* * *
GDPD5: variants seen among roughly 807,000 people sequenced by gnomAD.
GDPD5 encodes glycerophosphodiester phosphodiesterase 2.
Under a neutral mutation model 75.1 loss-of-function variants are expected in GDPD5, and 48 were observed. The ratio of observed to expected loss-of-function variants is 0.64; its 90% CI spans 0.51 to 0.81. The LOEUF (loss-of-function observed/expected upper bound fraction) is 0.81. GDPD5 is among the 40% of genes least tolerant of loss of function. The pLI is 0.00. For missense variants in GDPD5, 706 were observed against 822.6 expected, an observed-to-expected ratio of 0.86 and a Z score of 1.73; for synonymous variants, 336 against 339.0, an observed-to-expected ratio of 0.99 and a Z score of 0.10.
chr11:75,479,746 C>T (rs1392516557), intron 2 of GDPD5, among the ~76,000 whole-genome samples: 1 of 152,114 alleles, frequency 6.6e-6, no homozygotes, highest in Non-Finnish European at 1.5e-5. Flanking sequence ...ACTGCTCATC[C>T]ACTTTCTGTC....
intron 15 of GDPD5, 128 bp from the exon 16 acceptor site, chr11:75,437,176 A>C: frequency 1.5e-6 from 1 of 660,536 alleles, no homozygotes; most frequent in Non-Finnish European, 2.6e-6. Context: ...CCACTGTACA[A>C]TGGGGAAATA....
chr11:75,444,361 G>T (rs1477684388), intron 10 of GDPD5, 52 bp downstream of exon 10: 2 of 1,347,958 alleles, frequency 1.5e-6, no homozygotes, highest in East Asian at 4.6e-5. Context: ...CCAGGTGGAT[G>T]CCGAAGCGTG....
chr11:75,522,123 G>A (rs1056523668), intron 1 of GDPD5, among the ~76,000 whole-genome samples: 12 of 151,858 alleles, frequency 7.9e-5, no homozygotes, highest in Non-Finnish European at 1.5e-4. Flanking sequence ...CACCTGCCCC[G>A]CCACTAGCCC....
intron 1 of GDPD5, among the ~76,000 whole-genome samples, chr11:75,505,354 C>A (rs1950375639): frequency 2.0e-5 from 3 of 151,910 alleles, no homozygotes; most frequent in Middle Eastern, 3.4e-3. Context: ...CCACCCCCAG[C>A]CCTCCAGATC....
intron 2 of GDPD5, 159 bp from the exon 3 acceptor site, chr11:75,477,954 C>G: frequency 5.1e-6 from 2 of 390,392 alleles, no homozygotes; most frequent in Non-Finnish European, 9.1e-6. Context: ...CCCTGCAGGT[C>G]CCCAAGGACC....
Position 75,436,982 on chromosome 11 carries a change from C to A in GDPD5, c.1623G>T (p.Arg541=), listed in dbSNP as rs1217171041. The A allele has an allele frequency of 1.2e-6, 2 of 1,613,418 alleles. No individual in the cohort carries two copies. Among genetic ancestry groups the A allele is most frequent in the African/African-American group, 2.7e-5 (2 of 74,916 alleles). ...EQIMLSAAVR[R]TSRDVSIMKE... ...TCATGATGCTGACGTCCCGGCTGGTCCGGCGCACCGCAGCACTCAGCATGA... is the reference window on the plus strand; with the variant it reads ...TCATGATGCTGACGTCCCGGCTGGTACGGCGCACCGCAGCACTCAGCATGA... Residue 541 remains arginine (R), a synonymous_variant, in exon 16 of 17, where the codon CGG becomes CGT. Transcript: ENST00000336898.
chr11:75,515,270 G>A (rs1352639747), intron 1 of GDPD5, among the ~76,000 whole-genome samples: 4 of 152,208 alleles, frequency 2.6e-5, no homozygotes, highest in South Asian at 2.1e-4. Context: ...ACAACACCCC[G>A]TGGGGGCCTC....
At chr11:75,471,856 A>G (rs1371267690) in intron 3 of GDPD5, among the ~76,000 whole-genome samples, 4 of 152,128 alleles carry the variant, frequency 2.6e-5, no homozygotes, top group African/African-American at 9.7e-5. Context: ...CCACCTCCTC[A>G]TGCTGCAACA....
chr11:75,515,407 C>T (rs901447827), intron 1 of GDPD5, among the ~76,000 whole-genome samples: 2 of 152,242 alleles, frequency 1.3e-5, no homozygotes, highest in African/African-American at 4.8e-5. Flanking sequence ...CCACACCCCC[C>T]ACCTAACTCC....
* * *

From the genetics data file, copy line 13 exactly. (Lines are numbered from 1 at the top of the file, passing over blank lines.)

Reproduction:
chr11:75,515,407 C>T (rs901447827), intron 1 of GDPD5, among the ~76,000 whole-genome samples: 2 of 152,242 alleles, frequency 1.3e-5, no homozygotes, highest in African/African-American at 4.8e-5. Flanking sequence ...CCACACCCCC[C>T]ACCTAACTCC....